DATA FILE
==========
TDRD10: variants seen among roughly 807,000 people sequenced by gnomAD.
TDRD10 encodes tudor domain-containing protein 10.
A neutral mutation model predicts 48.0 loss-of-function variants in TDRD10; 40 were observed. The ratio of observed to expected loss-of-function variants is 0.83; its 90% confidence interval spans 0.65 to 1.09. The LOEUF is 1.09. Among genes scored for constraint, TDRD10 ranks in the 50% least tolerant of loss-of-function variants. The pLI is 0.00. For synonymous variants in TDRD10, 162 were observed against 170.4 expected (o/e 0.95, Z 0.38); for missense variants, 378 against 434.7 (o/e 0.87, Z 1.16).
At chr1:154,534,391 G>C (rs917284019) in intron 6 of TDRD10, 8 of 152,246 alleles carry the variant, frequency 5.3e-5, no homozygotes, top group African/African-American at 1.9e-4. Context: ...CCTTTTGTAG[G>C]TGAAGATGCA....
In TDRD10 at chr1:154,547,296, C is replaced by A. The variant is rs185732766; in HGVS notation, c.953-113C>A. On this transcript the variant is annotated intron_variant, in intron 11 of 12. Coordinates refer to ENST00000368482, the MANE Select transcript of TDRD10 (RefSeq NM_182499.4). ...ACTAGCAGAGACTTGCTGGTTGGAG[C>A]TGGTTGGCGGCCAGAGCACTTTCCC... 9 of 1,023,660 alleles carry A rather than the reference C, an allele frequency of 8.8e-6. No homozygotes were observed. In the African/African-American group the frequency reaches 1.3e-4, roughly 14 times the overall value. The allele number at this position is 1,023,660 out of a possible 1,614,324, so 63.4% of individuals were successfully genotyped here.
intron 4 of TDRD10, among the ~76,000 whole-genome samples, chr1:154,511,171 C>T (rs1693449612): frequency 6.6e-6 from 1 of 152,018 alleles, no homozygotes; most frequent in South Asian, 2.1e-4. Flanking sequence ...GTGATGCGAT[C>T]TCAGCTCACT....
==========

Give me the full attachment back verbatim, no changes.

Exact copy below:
TDRD10: variants seen among roughly 807,000 people sequenced by gnomAD.
TDRD10 encodes tudor domain-containing protein 10.
A neutral mutation model predicts 48.0 loss-of-function variants in TDRD10; 40 were observed. The ratio of observed to expected loss-of-function variants is 0.83; its 90% confidence interval spans 0.65 to 1.09. The LOEUF is 1.09. Among genes scored for constraint, TDRD10 ranks in the 50% least tolerant of loss-of-function variants. The pLI is 0.00. For synonymous variants in TDRD10, 162 were observed against 170.4 expected (o/e 0.95, Z 0.38); for missense variants, 378 against 434.7 (o/e 0.87, Z 1.16).
At chr1:154,534,391 G>C (rs917284019) in intron 6 of TDRD10, 8 of 152,246 alleles carry the variant, frequency 5.3e-5, no homozygotes, top group African/African-American at 1.9e-4. Context: ...CCTTTTGTAG[G>C]TGAAGATGCA....
In TDRD10 at chr1:154,547,296, C is replaced by A. The variant is rs185732766; in HGVS notation, c.953-113C>A. On this transcript the variant is annotated intron_variant, in intron 11 of 12. Coordinates refer to ENST00000368482, the MANE Select transcript of TDRD10 (RefSeq NM_182499.4). ...ACTAGCAGAGACTTGCTGGTTGGAG[C>A]TGGTTGGCGGCCAGAGCACTTTCCC... 9 of 1,023,660 alleles carry A rather than the reference C, an allele frequency of 8.8e-6. No homozygotes were observed. In the African/African-American group the frequency reaches 1.3e-4, roughly 14 times the overall value. The allele number at this position is 1,023,660 out of a possible 1,614,324, so 63.4% of individuals were successfully genotyped here.
intron 4 of TDRD10, among the ~76,000 whole-genome samples, chr1:154,511,171 C>T (rs1693449612): frequency 6.6e-6 from 1 of 152,018 alleles, no homozygotes; most frequent in South Asian, 2.1e-4. Flanking sequence ...GTGATGCGAT[C>T]TCAGCTCACT....